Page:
Ecommerce Guidelines: Search Result Page Product Images

Guidelines 121-125

Ecommerce Best Practices » Product List & Search Results Page » Appearance » Product Images

People hardly buy anything without seeing it. Usually they also want to touch it, hold it and take it for a spin. You really can’t do those things online (unless it’s web based software). So to compensate for all of that, you need to work twice as hard to make your products come alive via excellent photography and graphics.

The following guidelines apply to product images in a product list, and on search results pages.

I was easily able to find and add the specific items that I wanted based on the pictures.

I think the pictures when in the shopping category could be a little bigger for a better view of the items.

Not having to go into the details to see the different angles … is a big time saver.

5 guidelines for ecommerce product list & search results page, product images:

  1. Product thumbnail should reveal product in context, secondary thumbnail should reveal product on its own.
  2. Reveal additional product picture(s) that appear upon mouse hover, or as a gallery slider; photos can show all variations of a product, different angles/facets of a product, or hidden attributes of a product.
  3. Consider which product thumbnail would be more effective for the specific product at hand: a photo of the product itself, or of the product packaging.
  4. Product packages should be taken straight on to capture all small product details that are on the package.
  5. Take your product picture at an angle if you want to capture the product’s physical depth.

Guideline #121. Product thumbnail should reveal product in context, secondary thumbnail should reveal product on its own (or vice versa, just make sure both ways are shown).

To provide as much information as possible, show how a product looks both alone and in context. When the product is picture alone, users can focus on its details. When in context, people can get an idea as to how it fits into its surroundings, and how it may fit into their lives.

West Elm shows a variety of product pictures including close-ups of the pattern, individual pictures of each pillow in the set, and various photos of the bedding in context:

I was easily able to find and add the specific items that I wanted based on the pictures.

The items are displayed beautifully, which makes it easier to imagine the items in my own home.

How to do it RIGHT

H&M

Shows shorts on the model in the primary product image. There is a thumbnail with the product alone.


Guideline #122. Reveal additional product picture(s) that appear upon mouse hover, or as a gallery slider; photos can show all variations of a product, different angles/facets of a product, or hidden attributes of a product.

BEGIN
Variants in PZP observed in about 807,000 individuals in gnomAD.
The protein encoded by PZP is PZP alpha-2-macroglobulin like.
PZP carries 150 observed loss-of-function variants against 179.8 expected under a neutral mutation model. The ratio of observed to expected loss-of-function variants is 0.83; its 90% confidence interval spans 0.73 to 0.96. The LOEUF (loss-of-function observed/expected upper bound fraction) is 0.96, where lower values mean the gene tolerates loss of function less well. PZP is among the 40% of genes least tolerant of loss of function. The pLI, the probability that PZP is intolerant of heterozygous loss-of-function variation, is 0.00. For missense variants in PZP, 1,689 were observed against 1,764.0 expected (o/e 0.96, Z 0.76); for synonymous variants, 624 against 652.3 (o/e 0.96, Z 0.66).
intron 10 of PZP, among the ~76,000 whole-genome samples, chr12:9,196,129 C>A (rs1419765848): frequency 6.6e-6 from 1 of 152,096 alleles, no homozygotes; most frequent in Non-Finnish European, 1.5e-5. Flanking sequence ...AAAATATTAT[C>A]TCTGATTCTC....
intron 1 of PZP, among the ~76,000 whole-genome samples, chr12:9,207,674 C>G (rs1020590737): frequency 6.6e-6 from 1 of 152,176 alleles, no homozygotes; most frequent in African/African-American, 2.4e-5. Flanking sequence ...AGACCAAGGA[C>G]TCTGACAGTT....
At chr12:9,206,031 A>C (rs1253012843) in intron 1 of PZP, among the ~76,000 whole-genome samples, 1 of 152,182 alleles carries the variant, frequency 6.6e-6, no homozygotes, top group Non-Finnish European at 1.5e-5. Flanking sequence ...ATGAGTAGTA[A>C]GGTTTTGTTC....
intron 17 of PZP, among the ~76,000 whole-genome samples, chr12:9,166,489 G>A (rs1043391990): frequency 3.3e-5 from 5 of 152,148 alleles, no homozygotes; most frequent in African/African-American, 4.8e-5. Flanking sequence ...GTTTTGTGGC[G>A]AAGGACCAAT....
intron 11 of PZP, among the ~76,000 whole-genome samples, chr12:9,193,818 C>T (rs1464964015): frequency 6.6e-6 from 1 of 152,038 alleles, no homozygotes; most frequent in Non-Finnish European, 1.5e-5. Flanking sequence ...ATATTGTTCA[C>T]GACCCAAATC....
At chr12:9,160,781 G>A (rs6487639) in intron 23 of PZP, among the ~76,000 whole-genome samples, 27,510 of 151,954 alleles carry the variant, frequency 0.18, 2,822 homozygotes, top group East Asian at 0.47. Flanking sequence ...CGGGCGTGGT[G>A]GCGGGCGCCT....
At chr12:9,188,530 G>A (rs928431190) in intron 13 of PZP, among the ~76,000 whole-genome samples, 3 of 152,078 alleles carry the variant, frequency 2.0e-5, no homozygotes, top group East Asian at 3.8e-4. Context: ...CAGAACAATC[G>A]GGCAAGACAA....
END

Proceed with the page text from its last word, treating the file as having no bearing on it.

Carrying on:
Once again, this guideline aims to reveal as much visual information about a product as possible.

American eagle shows a second way to wear this sweater upon mousehover:

The product images were excellent! Large, and previewing a color change was done with a simple hover over the color swatch

I’m unable to see bigger pictures in the search results, instead, I have to go back and forth between search results and product details screens

When I put in the filter for color I seemed to have gotten some items that were different colors that I guess you could change to black, but would have liked to have seen black in the beginning. Also, would have liked to have seen the zoom in tool go in further to get a better look at the material of the clothes

How to do it RIGHT

American Eagle

On the product list the left picture is displayed and reveals the right picture during mousehover.


Guideline #123. Consider which product thumbnail would be more effective for the specific product at hand: a photo of the product itself, or of the product packaging.

Imagine seeing a pile of powder when shopping for workout supplements. Alternatively, imagine seeing a cardboard box when browsing lamps. It simply feels like the wrong way to advertise the product.

Considering conventional practices (“how is it usually done?”) combined with the nature of the product at hand to determine the best way to photograph and display a product.

GNC’s approach to photographing a chocolate protein shake:

I found it difficult to narrow down to the specific earbuds that I wanted as I couldn’t see pictures for a lot of the items.

How to do it RIGHT

BodyBuilding.com

Displays the packaging for these acai chews in their product picture. Not only does the packaging shares lots of details about the product, but it shows what the chews look like.


Guideline #124. Product packages should be taken straight on to capture all small product details that are on the package.

If you’re photographing a product’s packaging, it only makes sense for the details on the package to be visible and legible.

On BodyBuilding.com, from looking at the product picture alone, shoppers know the tablets are chewable, there are 1500 mg of d-ribose per tablet, they are orange flavored, there are 90 tablets in the bottle, and that the tablets help with energy production.

It was good to see all the information for the nutrition labels.


Guideline #125. Take your product picture at an angle if you want to capture the product’s physical depth.

This is particularly important when a product’s size/dimensions matter (furniture, appliances, etc.)

West Elm includes an angled photo of their larger pieces so shoppers can see multiple dimensions and better understand each product’s shape:

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Ecommerce Best Practices » Product List & Search Results Page » Clarity/Credibility » Product Information